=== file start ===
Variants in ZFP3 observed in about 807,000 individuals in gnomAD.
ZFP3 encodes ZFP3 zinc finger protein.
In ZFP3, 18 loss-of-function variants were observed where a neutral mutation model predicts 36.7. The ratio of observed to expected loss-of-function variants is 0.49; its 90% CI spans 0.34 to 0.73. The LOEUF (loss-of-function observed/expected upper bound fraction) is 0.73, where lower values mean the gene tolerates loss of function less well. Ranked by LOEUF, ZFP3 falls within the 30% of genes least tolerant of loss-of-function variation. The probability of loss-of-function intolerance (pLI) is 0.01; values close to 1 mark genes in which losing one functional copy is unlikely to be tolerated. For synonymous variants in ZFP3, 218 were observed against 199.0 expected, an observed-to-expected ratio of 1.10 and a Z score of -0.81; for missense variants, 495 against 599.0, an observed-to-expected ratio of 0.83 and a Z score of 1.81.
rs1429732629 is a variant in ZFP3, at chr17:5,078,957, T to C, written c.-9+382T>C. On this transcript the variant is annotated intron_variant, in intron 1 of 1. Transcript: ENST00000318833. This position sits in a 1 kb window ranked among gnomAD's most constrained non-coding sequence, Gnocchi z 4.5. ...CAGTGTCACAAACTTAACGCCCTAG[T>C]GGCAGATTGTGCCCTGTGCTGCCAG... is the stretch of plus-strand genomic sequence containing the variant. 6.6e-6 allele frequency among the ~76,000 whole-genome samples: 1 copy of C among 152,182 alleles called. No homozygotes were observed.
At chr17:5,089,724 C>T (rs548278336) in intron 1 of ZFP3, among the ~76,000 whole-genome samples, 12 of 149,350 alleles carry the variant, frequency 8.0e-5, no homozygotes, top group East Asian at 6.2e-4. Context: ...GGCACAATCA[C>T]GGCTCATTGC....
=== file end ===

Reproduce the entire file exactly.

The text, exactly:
Variants in ZFP3 observed in about 807,000 individuals in gnomAD.
ZFP3 encodes ZFP3 zinc finger protein.
In ZFP3, 18 loss-of-function variants were observed where a neutral mutation model predicts 36.7. The ratio of observed to expected loss-of-function variants is 0.49; its 90% CI spans 0.34 to 0.73. The LOEUF (loss-of-function observed/expected upper bound fraction) is 0.73, where lower values mean the gene tolerates loss of function less well. Ranked by LOEUF, ZFP3 falls within the 30% of genes least tolerant of loss-of-function variation. The probability of loss-of-function intolerance (pLI) is 0.01; values close to 1 mark genes in which losing one functional copy is unlikely to be tolerated. For synonymous variants in ZFP3, 218 were observed against 199.0 expected, an observed-to-expected ratio of 1.10 and a Z score of -0.81; for missense variants, 495 against 599.0, an observed-to-expected ratio of 0.83 and a Z score of 1.81.
rs1429732629 is a variant in ZFP3, at chr17:5,078,957, T to C, written c.-9+382T>C. On this transcript the variant is annotated intron_variant, in intron 1 of 1. Transcript: ENST00000318833. This position sits in a 1 kb window ranked among gnomAD's most constrained non-coding sequence, Gnocchi z 4.5. ...CAGTGTCACAAACTTAACGCCCTAG[T>C]GGCAGATTGTGCCCTGTGCTGCCAG... is the stretch of plus-strand genomic sequence containing the variant. 6.6e-6 allele frequency among the ~76,000 whole-genome samples: 1 copy of C among 152,182 alleles called. No homozygotes were observed.
At chr17:5,089,724 C>T (rs548278336) in intron 1 of ZFP3, among the ~76,000 whole-genome samples, 12 of 149,350 alleles carry the variant, frequency 8.0e-5, no homozygotes, top group East Asian at 6.2e-4. Context: ...GGCACAATCA[C>T]GGCTCATTGC....